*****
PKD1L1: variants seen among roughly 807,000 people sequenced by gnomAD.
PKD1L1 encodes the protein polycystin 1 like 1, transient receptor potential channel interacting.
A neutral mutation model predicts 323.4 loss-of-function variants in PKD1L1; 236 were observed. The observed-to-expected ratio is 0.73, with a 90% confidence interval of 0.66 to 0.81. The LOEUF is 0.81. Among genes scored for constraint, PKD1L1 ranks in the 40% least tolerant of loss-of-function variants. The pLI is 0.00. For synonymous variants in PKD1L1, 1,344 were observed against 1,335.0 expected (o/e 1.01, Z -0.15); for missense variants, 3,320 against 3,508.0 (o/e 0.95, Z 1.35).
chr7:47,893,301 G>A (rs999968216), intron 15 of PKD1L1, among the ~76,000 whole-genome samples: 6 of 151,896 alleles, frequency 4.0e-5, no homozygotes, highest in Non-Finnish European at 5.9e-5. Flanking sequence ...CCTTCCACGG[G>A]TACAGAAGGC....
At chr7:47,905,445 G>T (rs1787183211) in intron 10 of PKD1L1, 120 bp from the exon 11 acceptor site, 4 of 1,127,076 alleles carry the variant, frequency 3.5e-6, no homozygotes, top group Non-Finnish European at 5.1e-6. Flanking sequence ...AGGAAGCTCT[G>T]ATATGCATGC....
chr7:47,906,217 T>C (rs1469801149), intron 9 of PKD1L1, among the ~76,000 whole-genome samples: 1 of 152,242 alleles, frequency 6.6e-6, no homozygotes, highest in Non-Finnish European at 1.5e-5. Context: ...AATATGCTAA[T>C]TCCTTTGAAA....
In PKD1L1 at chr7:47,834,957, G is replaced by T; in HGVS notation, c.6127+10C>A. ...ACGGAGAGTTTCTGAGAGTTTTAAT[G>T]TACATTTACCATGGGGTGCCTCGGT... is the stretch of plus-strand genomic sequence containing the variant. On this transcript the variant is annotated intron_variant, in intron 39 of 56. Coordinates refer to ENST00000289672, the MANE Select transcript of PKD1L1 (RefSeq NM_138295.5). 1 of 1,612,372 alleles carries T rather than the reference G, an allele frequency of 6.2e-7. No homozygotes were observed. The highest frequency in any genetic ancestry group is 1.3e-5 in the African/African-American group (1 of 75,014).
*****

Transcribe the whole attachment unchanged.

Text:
PKD1L1: variants seen among roughly 807,000 people sequenced by gnomAD.
PKD1L1 encodes the protein polycystin 1 like 1, transient receptor potential channel interacting.
A neutral mutation model predicts 323.4 loss-of-function variants in PKD1L1; 236 were observed. The observed-to-expected ratio is 0.73, with a 90% confidence interval of 0.66 to 0.81. The LOEUF is 0.81. Among genes scored for constraint, PKD1L1 ranks in the 40% least tolerant of loss-of-function variants. The pLI is 0.00. For synonymous variants in PKD1L1, 1,344 were observed against 1,335.0 expected (o/e 1.01, Z -0.15); for missense variants, 3,320 against 3,508.0 (o/e 0.95, Z 1.35).
chr7:47,893,301 G>A (rs999968216), intron 15 of PKD1L1, among the ~76,000 whole-genome samples: 6 of 151,896 alleles, frequency 4.0e-5, no homozygotes, highest in Non-Finnish European at 5.9e-5. Flanking sequence ...CCTTCCACGG[G>A]TACAGAAGGC....
At chr7:47,905,445 G>T (rs1787183211) in intron 10 of PKD1L1, 120 bp from the exon 11 acceptor site, 4 of 1,127,076 alleles carry the variant, frequency 3.5e-6, no homozygotes, top group Non-Finnish European at 5.1e-6. Flanking sequence ...AGGAAGCTCT[G>T]ATATGCATGC....
chr7:47,906,217 T>C (rs1469801149), intron 9 of PKD1L1, among the ~76,000 whole-genome samples: 1 of 152,242 alleles, frequency 6.6e-6, no homozygotes, highest in Non-Finnish European at 1.5e-5. Context: ...AATATGCTAA[T>C]TCCTTTGAAA....
In PKD1L1 at chr7:47,834,957, G is replaced by T; in HGVS notation, c.6127+10C>A. ...ACGGAGAGTTTCTGAGAGTTTTAAT[G>T]TACATTTACCATGGGGTGCCTCGGT... is the stretch of plus-strand genomic sequence containing the variant. On this transcript the variant is annotated intron_variant, in intron 39 of 56. Coordinates refer to ENST00000289672, the MANE Select transcript of PKD1L1 (RefSeq NM_138295.5). 1 of 1,612,372 alleles carries T rather than the reference G, an allele frequency of 6.2e-7. No homozygotes were observed. The highest frequency in any genetic ancestry group is 1.3e-5 in the African/African-American group (1 of 75,014).